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The Four Colours of Florence

Words:

Edd Norval
April 6, 2018

Florence is the home of the Renaissance. It's Italy's cultural capital where names like Leonardo da Vinci and Michelangelo honed their crafts. Known for an illustrious past of beauty and intrigue, it would be a mistake to think that the dark side of the city has completely been forgotten.

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A bloody mixture of MMA and football is Calcio Storico (historic football). Four neighbourhoods of Florence, as dictated by the most prevalent churches, compete to take home the glory in the once a year occasion.


Modern day gladiators march into the sandy arena, bodies covered in tattoos, faces consumed with unbreakable concentration. After the match, they will not look in as good shape. Their bodies will be a Jackson Pollock canvas of blood - their own and their opponents, mixed with sand. The clay of the warrior.


A working-class sport that has its roots in the 15th century Florentine society - a game that was then played by aristocracy and even popes. Now the 27 men of each team go to battle to take home their grand prize - a free dinner.

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Anyone who doesn't understand why they'd put themselves through that for a good steak hasn't ever played competitive sport. It's about the glory of victory - about the bragging rights over your opponent. Football is becoming increasingly operated like a marketplace with competing companies, players are commodities to be bought and sold at eye-watering prices. Calcio Storico, with its traditional ethics is the antidote - it's a sport for the sake of competition. These men play for their colour, unlike the mercenary attitude that pervades contemporary football.


The pitch is an 80 x 40 metre sand-pit with goals running the width at each end. The aim is to get the ball into that net - although standing in your way are boxers, mixed martial artists and generally tough guys who can kick, punch and pin you until you can no longer reach your desired target.


Group attacks aren't allowed, so the fighting is 1-on-1. The most common tactic is for a team to try their best to get all of their opponents onto the ground and to keep them there, allowing for the faster players to make a dash goalwards. This happens with a mixture of greco-roman wrestling and Brazilian jiu-jitsu, adapted with the modern MMA sensibility.

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The men that take part are representing either the blues, reds, whites or greens - denoting their neighbourhood as Santa Croce, Santa Maria Novella, Santo Spirito or San Giovanni respectively. It's clear to see their love for the sport, the tradition and their dedication to becoming champions. The training going into this consists of techniques for the actual game as well as other skills that come in handy, like boxing and being able to run fast - depending on your role in the team.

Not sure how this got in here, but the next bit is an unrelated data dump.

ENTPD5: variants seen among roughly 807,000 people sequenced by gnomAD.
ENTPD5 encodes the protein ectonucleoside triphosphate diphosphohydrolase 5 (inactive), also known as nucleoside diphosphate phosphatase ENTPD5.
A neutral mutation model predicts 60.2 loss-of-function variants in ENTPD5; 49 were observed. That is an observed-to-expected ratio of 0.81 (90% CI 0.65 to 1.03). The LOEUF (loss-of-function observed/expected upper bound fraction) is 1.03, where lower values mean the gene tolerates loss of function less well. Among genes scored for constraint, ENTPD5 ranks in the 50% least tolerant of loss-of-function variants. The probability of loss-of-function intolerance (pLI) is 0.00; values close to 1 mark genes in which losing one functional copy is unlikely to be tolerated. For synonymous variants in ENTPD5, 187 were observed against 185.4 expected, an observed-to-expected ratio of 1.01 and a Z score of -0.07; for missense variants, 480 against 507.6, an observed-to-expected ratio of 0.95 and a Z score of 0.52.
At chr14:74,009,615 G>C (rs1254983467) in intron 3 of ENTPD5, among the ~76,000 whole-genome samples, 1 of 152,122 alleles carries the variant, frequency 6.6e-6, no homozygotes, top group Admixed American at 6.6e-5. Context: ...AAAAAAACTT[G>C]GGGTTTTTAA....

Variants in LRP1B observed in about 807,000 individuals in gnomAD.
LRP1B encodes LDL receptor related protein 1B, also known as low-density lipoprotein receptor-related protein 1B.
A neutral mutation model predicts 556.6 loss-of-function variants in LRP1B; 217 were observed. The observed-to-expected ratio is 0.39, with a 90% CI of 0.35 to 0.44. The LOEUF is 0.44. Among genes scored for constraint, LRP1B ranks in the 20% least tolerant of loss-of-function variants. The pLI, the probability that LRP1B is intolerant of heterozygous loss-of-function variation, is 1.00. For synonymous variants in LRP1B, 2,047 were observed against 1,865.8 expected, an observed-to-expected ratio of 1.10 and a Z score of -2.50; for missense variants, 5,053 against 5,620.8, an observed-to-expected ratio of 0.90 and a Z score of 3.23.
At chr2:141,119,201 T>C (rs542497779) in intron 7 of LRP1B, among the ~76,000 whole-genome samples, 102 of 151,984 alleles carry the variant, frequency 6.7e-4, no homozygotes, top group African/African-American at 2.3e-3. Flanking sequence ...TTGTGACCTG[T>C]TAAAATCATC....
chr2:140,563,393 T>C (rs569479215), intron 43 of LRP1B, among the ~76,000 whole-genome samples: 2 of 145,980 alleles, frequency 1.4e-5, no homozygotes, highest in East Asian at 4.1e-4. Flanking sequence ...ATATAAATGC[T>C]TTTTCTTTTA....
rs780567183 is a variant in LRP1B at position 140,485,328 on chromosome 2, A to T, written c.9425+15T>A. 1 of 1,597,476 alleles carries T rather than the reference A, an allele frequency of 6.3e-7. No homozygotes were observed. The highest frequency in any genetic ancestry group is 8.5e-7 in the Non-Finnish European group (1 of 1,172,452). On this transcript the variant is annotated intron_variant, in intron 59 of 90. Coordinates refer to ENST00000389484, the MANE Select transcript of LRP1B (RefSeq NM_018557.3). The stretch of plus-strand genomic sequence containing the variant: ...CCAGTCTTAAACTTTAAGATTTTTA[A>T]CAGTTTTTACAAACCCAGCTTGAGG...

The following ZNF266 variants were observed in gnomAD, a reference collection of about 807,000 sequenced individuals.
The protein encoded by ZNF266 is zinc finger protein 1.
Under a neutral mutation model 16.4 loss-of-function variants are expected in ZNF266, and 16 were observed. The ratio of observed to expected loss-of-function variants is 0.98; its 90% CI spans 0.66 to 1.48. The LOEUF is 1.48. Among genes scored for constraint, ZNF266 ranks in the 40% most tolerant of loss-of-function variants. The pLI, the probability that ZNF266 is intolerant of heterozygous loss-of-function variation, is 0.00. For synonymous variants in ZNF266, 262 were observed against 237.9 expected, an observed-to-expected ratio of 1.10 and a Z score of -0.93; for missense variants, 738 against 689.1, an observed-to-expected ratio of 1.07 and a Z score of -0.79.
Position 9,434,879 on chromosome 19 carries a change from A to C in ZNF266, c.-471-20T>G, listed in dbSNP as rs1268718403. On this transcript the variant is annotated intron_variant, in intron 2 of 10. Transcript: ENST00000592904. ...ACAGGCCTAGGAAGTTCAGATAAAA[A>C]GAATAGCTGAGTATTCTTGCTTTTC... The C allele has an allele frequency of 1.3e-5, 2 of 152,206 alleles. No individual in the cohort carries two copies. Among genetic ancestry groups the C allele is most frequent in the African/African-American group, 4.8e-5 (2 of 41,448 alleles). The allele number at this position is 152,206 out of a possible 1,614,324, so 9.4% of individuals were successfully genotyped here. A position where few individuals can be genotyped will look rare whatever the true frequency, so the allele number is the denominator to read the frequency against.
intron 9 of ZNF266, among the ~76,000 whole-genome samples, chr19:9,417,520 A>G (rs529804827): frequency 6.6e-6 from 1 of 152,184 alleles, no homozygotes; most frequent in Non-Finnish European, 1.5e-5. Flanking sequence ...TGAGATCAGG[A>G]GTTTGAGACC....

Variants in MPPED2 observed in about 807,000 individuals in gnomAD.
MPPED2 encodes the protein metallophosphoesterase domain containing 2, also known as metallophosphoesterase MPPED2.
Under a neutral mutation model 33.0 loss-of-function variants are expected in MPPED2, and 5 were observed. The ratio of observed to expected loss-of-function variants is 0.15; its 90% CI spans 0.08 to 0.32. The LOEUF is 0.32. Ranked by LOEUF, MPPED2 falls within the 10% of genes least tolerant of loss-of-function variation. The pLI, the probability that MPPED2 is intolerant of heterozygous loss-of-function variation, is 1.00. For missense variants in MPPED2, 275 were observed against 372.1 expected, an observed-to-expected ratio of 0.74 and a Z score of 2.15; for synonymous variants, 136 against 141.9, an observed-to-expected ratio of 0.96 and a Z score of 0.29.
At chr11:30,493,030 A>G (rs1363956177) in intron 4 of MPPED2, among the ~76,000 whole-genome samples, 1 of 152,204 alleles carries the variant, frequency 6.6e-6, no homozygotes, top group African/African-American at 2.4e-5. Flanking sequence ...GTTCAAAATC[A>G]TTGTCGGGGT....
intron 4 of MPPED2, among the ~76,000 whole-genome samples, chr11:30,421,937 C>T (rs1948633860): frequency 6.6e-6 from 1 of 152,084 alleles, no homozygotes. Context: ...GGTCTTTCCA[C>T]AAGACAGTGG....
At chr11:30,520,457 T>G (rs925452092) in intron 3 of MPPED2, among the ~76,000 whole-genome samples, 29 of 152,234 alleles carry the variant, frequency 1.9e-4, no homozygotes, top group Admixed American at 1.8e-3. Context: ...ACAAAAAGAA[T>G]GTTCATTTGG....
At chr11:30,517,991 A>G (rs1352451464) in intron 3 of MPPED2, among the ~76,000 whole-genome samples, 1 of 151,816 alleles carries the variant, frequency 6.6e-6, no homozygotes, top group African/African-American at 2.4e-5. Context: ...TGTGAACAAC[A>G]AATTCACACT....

Attired in traditional and garish pantaloons with bare torsos and football boots - it has an air of pantomime about it. Crowds cheer and jeer behind a caged partition, willing their neighbourhood to victory. The pride of the team isn't limited only to them, although the players become demi-gods for the remaining days of the year - their whole locale swell with pride when their colour is playing.


Celebrations go on all night after the feast with copious quantities of grappa fuelling the action. Despite being a sport that has existed for longer than many of the others that we revere now, it has never achieved mainstream acceptance - riots, injuries or disparaging leaders have always quelled its growth and its chances of being anything beyond a Florentine curiosity.

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It seems that its recent resurgence in popularity is a mixture of the hyper-connectivity that we embrace as part of our technologically advanced lives and our eagerness to find something untouched by modern malaises.


Disenfranchised with being sold everything that can be packaged, we long for something that is an alternative to the force-fed. The organic rise in popularity of this event, as highlighted by the amount of tourists that visit it annually as well as the view count on YouTube videos showing it, is something we should get behind - to an extent.


Just like any tradition it can easily become bastardised by the influence of foreign capital. It's when, or if, this happens that we will move onto the next thing - wherever in the world that may be. That means this will end up in the scrap heap, back to where it started - a part of the vicious cycle.


But for now, Calcio Storico remains the closest thing we have to a real glimpse of our past - a tradition that's visceral and primal, appealing to our animalistic instincts, whilst showing that there are still people out there who are willing to put their body on the line for more than just money. It's something of endangered beauty that we should protect.

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